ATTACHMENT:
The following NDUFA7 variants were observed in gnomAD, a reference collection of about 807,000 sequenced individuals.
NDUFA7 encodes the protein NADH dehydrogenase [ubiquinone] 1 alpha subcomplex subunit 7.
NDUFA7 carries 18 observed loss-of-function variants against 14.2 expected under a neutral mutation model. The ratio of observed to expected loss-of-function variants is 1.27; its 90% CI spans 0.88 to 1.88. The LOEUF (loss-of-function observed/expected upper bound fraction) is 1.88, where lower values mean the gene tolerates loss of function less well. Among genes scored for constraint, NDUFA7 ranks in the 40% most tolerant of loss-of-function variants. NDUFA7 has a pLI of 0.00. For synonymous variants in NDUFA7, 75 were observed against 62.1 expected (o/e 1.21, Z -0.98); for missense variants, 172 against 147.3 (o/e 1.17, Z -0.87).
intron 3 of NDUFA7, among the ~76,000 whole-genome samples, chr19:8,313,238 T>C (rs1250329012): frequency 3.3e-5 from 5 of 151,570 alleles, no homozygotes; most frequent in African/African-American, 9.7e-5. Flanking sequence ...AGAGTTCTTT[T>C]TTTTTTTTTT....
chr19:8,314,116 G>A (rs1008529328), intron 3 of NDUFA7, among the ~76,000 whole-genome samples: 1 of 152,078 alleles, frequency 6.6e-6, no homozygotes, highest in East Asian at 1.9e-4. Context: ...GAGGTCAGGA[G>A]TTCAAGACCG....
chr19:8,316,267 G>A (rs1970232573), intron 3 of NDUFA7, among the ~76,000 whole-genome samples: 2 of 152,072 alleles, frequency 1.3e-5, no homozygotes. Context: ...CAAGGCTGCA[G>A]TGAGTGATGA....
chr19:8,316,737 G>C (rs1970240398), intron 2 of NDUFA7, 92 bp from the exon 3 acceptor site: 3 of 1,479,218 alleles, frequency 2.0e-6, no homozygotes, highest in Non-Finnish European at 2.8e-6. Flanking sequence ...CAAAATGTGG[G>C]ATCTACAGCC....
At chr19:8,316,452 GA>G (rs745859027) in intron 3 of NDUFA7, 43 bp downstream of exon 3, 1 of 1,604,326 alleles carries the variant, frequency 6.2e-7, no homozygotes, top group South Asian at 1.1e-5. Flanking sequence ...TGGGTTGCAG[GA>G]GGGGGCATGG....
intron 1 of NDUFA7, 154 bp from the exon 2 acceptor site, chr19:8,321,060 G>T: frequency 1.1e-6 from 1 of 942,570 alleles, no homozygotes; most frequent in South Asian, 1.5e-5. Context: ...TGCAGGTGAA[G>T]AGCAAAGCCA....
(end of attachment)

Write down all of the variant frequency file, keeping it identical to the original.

The following NDUFA7 variants were observed in gnomAD, a reference collection of about 807,000 sequenced individuals.
NDUFA7 encodes the protein NADH dehydrogenase [ubiquinone] 1 alpha subcomplex subunit 7.
NDUFA7 carries 18 observed loss-of-function variants against 14.2 expected under a neutral mutation model. The ratio of observed to expected loss-of-function variants is 1.27; its 90% CI spans 0.88 to 1.88. The LOEUF (loss-of-function observed/expected upper bound fraction) is 1.88, where lower values mean the gene tolerates loss of function less well. Among genes scored for constraint, NDUFA7 ranks in the 40% most tolerant of loss-of-function variants. NDUFA7 has a pLI of 0.00. For synonymous variants in NDUFA7, 75 were observed against 62.1 expected (o/e 1.21, Z -0.98); for missense variants, 172 against 147.3 (o/e 1.17, Z -0.87).
intron 3 of NDUFA7, among the ~76,000 whole-genome samples, chr19:8,313,238 T>C (rs1250329012): frequency 3.3e-5 from 5 of 151,570 alleles, no homozygotes; most frequent in African/African-American, 9.7e-5. Flanking sequence ...AGAGTTCTTT[T>C]TTTTTTTTTT....
chr19:8,314,116 G>A (rs1008529328), intron 3 of NDUFA7, among the ~76,000 whole-genome samples: 1 of 152,078 alleles, frequency 6.6e-6, no homozygotes, highest in East Asian at 1.9e-4. Context: ...GAGGTCAGGA[G>A]TTCAAGACCG....
chr19:8,316,267 G>A (rs1970232573), intron 3 of NDUFA7, among the ~76,000 whole-genome samples: 2 of 152,072 alleles, frequency 1.3e-5, no homozygotes. Context: ...CAAGGCTGCA[G>A]TGAGTGATGA....
chr19:8,316,737 G>C (rs1970240398), intron 2 of NDUFA7, 92 bp from the exon 3 acceptor site: 3 of 1,479,218 alleles, frequency 2.0e-6, no homozygotes, highest in Non-Finnish European at 2.8e-6. Flanking sequence ...CAAAATGTGG[G>C]ATCTACAGCC....
At chr19:8,316,452 GA>G (rs745859027) in intron 3 of NDUFA7, 43 bp downstream of exon 3, 1 of 1,604,326 alleles carries the variant, frequency 6.2e-7, no homozygotes, top group South Asian at 1.1e-5. Flanking sequence ...TGGGTTGCAG[GA>G]GGGGGCATGG....
intron 1 of NDUFA7, 154 bp from the exon 2 acceptor site, chr19:8,321,060 G>T: frequency 1.1e-6 from 1 of 942,570 alleles, no homozygotes; most frequent in South Asian, 1.5e-5. Context: ...TGCAGGTGAA[G>T]AGCAAAGCCA....